As a veteran Revivalist, Charles tolerates the Festival of Speed but, after the Covid Crisis had kept us all locked up for a winter, a summer and two springs, any opportunity to whip down to Goodwood has to be welcomed, right? It was near miracle that the show was allowed to go on – the Goodwood team must have worked very hard to get everything in place in time but they did it very, very well.
Huge emphasis on electric vehicles. There lies the future, without a doubt, but it’s not a very interesting future so Charles eschewed the south side of the track and spend his time wandering around the paddocks catching up with a fairly thin selection of elderly racing cars and a sprinkling of rare and aesthetic sports cars from the 50s and 60s.
In a pageant that is increasingly oriented towards tin top racing cars and super road cars, the Festival was saved only by its wide selection of Formula One cars from the late-60s and early 70s. These are the cars that were cut out of Motorsport and stuck on the bedroom walls of our childhood homes!
The black and gold JPS Lotuses are always striking and it was good to see Sir Jackie and a fine selection of championship-winning blue Tyrell-Cosworths. There was even a tool room copy of Jodi Scheckter’s controversial six-wheeler!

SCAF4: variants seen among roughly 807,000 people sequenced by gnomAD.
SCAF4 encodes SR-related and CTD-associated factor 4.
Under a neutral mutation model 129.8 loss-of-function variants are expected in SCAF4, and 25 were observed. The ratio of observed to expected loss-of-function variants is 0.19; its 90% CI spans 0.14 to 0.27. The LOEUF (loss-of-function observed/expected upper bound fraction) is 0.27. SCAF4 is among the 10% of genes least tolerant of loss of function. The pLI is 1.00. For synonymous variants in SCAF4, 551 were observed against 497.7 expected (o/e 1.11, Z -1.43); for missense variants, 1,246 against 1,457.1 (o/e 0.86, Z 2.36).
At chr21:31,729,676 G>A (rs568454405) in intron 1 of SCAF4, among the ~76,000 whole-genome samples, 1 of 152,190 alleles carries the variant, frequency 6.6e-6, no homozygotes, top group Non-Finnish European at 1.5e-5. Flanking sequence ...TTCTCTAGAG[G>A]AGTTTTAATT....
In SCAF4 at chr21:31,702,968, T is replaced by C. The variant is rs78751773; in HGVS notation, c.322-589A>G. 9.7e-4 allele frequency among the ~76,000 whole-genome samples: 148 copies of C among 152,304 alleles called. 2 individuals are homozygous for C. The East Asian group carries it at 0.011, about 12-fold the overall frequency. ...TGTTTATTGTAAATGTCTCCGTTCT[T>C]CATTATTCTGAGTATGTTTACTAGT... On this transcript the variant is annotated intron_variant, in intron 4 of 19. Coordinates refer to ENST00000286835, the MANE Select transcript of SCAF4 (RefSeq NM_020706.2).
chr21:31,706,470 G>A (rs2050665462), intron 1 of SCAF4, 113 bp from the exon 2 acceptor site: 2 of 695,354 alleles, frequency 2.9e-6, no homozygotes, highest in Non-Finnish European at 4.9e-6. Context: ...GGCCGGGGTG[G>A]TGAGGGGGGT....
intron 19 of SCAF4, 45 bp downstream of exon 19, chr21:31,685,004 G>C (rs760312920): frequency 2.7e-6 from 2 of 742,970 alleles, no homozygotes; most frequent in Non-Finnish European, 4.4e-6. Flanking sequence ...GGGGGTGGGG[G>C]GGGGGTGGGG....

A shout out to Avit Racing, too, for their show-stealing recreation of the Embassy Racing Team and Graham Hill’s red and white Shadow and, poignantly, we saw the Martini-liveried Brabham-Cosworth BT44B, once driven by Carlos Reutemann, who had died a few days before. The message on the side of the car, driven up the hill by Marino Franchitti, said it simply and with pathos. It just said “For Carlos”.
An interview with Andrew & Charles, founders of Autoclassics.uk
by Andrew Barber
When you meet Charles Woollam and Andrew Waller for the first time, it soon becomes very apparent that they both have a huge knowledge of, and passion for, classic, vintage and prestige cars, along with an almost encyclopaedic knowledge of motorsport. What also becomes apparent is their passion for photography (and their competitive nature!).